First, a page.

-   Blog with Windows Live Spaces   (category="blog")

2. Categories - use a recommended category
Categories are a way to group similar Accelerators so that users can quickly find what they are looking for. IE allows Web developers to define their own category, but suggest using a recommended category.

Blog            A blog service that creates a new blog post based on a link or user-selection
Bookmark        A service adds a link to the user's personal bookmarks on the Web 
Define          A service that provides definitions based on selected text
Email           A service that can create a new email message 
Find news       A service that finds related articles within the scope of the site
Find product    A service that finds related products within the scope of the site
Find            A service that finds related content within the scope of the site
Map             A service that provides maps for a selected address
Send            A service that converts Web data into application data
Share           A service that shares a link with the site community or network
Translate       A service that translates the current Web page or selection to another language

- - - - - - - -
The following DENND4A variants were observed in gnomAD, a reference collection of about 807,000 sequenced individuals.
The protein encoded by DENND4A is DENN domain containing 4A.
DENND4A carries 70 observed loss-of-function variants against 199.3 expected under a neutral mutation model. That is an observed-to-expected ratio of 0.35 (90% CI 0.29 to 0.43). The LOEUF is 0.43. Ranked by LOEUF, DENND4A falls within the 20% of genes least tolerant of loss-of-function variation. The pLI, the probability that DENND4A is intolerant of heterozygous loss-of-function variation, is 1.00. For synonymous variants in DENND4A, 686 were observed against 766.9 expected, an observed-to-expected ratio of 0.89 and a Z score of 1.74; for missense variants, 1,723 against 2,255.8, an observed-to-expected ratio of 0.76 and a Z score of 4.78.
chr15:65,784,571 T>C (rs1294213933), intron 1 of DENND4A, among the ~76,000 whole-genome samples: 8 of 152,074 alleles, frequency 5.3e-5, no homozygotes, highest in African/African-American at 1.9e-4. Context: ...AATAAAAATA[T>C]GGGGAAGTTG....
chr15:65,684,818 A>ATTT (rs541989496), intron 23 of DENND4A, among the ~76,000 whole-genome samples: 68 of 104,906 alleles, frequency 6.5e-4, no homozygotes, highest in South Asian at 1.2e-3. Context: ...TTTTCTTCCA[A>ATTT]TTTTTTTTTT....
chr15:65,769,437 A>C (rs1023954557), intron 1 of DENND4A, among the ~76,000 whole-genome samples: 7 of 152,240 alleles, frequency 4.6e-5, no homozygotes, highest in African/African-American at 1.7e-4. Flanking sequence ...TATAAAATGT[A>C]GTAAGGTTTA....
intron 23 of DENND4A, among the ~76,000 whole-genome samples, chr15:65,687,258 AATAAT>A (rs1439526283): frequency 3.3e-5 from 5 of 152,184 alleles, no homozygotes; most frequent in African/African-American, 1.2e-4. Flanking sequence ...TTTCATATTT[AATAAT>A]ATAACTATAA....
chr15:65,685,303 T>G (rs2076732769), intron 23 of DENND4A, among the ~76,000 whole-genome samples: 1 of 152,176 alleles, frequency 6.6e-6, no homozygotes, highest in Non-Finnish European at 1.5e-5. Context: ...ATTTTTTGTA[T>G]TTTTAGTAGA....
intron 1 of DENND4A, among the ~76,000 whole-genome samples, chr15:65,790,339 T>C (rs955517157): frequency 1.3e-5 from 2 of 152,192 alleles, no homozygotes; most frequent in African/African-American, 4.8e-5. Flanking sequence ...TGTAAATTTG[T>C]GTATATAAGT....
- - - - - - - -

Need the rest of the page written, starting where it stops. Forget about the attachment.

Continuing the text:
**3.** Preview - entice users to your site
The preview is the window that pops up when users are hovering over the Accelerator. Use it as a visual way to attract users to your site. These should be simple views that load quickly (under 500ms) and do not require any interactivity as this creates an undesirable user model (form fields, tabs to switch to another view, etc.)

4. Content - not just selection
Accelerators are available on text selection, links, and the current Web page. You can also create one Accelerator that uses all three contexts.  

5. Tests - make sure it works
Test your Accelerator on different types of content so that it works properly.
a.   Blank content - what happens when blank content is sent to your service?  
b.   Multi-line content - does your service handle line-breaks?
c.   Script - Some user selection may have JavaScript associated to it. If you specify HTML selection, then your service should be filtering this script on the server.
CategoryAccelerators, Reddit, Google Reader
BlogWindows Live Spaces, Windows Live Writer, Blogger
DefineEncarta, Wikipedia,
MapWindows Live Map, Google Maps, Yahoo! Maps, Mapquest
TranslateWindows Live Translation, Babelfish, Google Translation